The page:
As you prepare for your career, you will go through the process of career selection. For some, this is a detailed exercise in career planning, involving testing, counseling and experiential learning. Yet for most, career selection is typically based on aligning your job search with the type of jobs that are available based on your education and experience. Lack of actual career planning is why so many people end up switching careers multiple times over the course of their work life. Most people plan their vacations more thoroughly than they plan their careers.
However, it doesn't have to be that way. Take the time to carefully plan your career. You can do this through careful analysis by combining research and testing in these four key areas:
- Aptitudes - is the job/career in alignment with your aptitudes? This doesn't necessarily mean your level of smartness or your IQ. There are a lot of people who are very smart who do not have the aptitude to be a doctor or engineer or artist. You can overcome some level of lack of aptitude through education and ongoing learning. However, it is always best to align your aptitudes with a potential career. Think about the remark: "S/he is a natural at that job." Find that "natural" ability in you. That natural ability centers around your core aptitude(s).
- Personality - is the job/career in alignment with your personality? The Myers Briggs Type Indicator (MBTI) is the best known test aligning personality types (16 types by the MBTI measurement) with specific careers.
- Interests - is the job/career in alignment with your interests? The Strong Interest Inventory is the classic test to help determine how your interests align with various careers.
- Values - is the job/career in alignment with your values? For example, if you don't want to work in the petroleum or chemical industries, you may need to rethink making Chemical Engineering your major (since that is where most jobs reside for that major).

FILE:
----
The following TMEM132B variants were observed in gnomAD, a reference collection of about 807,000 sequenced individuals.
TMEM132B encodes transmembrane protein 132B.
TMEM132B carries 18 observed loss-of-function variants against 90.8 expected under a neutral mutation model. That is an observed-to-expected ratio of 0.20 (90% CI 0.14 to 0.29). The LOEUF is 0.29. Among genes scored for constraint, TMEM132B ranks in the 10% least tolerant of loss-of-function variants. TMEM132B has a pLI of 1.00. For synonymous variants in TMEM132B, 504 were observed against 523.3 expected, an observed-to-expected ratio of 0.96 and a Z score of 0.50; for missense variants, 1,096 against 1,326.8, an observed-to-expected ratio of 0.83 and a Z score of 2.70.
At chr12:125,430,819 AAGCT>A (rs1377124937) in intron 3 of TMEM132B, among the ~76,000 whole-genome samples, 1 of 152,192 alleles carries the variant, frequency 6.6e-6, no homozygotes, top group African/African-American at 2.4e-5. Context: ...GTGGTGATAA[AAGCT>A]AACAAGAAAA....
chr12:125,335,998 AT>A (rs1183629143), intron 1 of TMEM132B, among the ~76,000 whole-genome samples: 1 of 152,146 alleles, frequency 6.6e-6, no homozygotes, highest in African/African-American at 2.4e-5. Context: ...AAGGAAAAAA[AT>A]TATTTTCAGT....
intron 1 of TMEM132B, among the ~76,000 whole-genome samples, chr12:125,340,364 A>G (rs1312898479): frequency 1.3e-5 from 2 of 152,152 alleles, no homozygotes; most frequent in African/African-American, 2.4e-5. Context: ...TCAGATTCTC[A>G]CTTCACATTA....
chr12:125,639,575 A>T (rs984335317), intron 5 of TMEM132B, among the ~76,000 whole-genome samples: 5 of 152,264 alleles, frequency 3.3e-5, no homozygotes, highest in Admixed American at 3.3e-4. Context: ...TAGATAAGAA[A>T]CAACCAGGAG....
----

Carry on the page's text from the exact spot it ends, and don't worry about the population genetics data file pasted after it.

With most career tests, the results can go in two different directions: 1) the results can point you to careers that align with you based on the test results; and 2) the results can validate whether a specific chosen career is in alignment. In both cases, do not consider the test results to be the final say on who you are and what you are capable of doing in your career. The test results are merely a directional indicator. You should review the test results along with career exploration to determine the best path for you personally and individually in your career. In addition, a qualified career counselor can assist you in interpreting the results and making the best use of the options available to you. Career counselors are generally available at colleges and universities (where their services are either free or at a relatively low cost as part of the student fees), as well as in private practice (where they are not free). In addition, many colleges and universities offer services through the alumni office, so best to check there first for potential assistance.
In the end, you need to take personal ownership of the decision on your career selection and direction. Take the input from many sources, make your decision, then remain flexible throughout your career to make adjustments and changes based on both the job market demands and your career and personal needs.